THE BLOG
08/23/2013 04:56 pm ET Updated Oct 23, 2013

The Non-Existent Sibling in U.S. Family Law

"Hardly a week goes by that I'm not presented with a proposed parenting plan that separates siblings"

- Judge Anne Kass

Imagine two child siblings tied together by much more than their sibling title. They love each other dearly and depend on each other for everything. At dawn, they laugh their way through the morning routine, breakfast, and the ride to school. When they cross paths during recess they make sure their eyes meet and nod to each other in an acknowledgment of their unrepeatable bond. After a long school day, they make their way home together and help each other with their home work. They spend the afternoon riding bikes together and can't wait for bedtime when they get to talk and giggle in bed together before mom comes in for the final request for quiet.

Now imagine that the warmth found in this sibling relationship is missing in the marital relationship of their parents. Their parents have been bickering for years and recently decided to divorce. After a lengthy divorce and custody battle the decision was made to split custody. The decision was reached based on the fact that the siblings were in fact half-siblings, the oldest sibling was from dad's previous marriage and the younger one was born to this crumbling union.

When the siblings inquire about being able to see each other after the divorce they are told that since their parents are no longer married they are legally no longer siblings and hence have no visitation rights.

This scenario is in fact the reality in many family law cases including cases of adoption, parental divorce and parental death. Apparently, the majority of domestic-relations law focuses on the parental and matrimonial dyads with little attention given to the sibling bond. This is particularly disturbing considering the overwhelming scientific evidence highlighting the importance of the sibling relationship throughout life.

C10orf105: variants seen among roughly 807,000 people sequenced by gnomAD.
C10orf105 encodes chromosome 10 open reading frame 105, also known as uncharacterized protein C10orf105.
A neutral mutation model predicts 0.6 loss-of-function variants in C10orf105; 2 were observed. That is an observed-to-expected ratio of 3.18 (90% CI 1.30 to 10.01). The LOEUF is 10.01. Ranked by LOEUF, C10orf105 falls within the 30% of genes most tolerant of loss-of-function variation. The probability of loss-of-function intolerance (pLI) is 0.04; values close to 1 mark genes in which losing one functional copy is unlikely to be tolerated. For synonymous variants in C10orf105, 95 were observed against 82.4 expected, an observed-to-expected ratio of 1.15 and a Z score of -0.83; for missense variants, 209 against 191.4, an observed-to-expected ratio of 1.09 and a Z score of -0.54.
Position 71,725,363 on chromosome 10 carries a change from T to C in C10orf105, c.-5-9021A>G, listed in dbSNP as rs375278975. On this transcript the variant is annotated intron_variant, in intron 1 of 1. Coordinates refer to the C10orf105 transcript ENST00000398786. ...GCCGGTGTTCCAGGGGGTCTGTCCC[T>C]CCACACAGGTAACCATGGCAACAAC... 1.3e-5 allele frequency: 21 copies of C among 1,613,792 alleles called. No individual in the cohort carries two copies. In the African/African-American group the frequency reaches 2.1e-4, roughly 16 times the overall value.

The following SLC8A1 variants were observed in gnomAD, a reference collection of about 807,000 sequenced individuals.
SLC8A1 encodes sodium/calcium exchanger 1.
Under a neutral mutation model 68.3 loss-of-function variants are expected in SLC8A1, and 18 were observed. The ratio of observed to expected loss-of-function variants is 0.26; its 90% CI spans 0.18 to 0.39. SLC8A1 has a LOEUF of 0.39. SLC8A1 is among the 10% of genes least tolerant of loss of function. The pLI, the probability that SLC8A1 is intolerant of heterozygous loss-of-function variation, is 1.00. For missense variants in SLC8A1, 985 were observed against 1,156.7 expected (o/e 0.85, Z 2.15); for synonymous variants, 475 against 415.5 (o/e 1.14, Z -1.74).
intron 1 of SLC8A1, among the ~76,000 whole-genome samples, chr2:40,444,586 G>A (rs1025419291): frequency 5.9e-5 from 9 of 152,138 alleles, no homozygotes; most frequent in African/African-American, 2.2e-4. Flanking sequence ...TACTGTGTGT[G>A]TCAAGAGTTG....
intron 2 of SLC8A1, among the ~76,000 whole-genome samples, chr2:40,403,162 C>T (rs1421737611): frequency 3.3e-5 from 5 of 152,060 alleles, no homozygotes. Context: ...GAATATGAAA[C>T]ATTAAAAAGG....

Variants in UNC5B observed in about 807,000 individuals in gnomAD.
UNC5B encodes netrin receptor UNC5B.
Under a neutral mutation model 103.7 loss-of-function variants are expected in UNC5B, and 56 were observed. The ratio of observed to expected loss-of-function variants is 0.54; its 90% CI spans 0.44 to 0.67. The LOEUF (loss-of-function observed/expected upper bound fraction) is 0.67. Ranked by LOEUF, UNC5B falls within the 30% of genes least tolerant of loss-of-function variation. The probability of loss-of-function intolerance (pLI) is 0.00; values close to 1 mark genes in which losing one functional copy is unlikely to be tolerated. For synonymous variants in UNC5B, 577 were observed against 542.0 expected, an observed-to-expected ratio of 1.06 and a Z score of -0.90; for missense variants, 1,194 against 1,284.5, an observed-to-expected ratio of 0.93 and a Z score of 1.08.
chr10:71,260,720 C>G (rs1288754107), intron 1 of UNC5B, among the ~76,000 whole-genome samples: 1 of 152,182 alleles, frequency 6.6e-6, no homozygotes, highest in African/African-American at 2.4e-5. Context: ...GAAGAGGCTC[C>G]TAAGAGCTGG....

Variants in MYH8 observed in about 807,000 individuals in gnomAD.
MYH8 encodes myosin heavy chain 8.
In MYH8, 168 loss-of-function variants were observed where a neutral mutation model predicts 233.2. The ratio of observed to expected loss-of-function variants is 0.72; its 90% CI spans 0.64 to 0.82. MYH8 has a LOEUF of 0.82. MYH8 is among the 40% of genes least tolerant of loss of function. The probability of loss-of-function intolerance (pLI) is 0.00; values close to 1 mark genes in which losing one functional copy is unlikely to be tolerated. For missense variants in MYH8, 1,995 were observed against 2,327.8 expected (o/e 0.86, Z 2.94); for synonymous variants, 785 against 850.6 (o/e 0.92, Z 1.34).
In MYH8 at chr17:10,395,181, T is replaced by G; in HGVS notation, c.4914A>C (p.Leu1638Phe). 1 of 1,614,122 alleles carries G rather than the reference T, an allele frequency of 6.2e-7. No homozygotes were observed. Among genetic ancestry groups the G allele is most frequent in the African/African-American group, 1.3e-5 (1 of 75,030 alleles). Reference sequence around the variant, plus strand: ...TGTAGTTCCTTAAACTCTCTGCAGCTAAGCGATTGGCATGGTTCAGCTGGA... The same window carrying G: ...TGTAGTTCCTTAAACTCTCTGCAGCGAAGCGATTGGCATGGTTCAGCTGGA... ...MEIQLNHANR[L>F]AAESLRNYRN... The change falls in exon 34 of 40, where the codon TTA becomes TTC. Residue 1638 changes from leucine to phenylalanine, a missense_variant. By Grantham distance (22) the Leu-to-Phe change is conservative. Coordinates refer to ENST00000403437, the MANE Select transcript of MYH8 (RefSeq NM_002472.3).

Empirical investigations by myself and others have revealed that children who have a positive relationship with siblings show greater emotional understanding, greater cognitive abilities, greater social understanding, greater moral sensibility, and better psychological adjustment. These positive findings have been replicated in studies with adolescents and adults.

Beyond the advantages of sibling support in normative situations, researchers and clinicians are beginning to appreciate the advantages of sibling warmth in non-normative family situations. Examining the aggregate of studies on the buffering effects of sibling support indicates that siblings may offer protection for children and adolescents experiencing elevated family turmoil. Siblings have been shown to serve as a buffer for children and adolescents experiencing ecological risk, family distress, divorce, living in single-parent homes, and foster-home placement.

Thankfully, State Rep. Rosita C. Youngblood, D-Philadelphia, has recently introduced House Bill 642 "Standing for siblings to seek partial custody or visitation" before the PA House of Representatives. I am delighted to serve as a consultant on this important legislation and will be testifying on the merits of this bill in front of the Children and Youth Committee this upcoming week in Philadelphia.

Legislation to allow for siblings to seek partial custody or visitation when appropriate is a natural extension of the overwhelming scientific evidence highlighting the critical and unmatched role played by siblings throughout life. By definition, this legislation will be impacting children who have experienced some type of family turmoil. Allowing for the sibling relationship in these circumstances to offer warmth, support, and comfort is clearly in the best interest of children.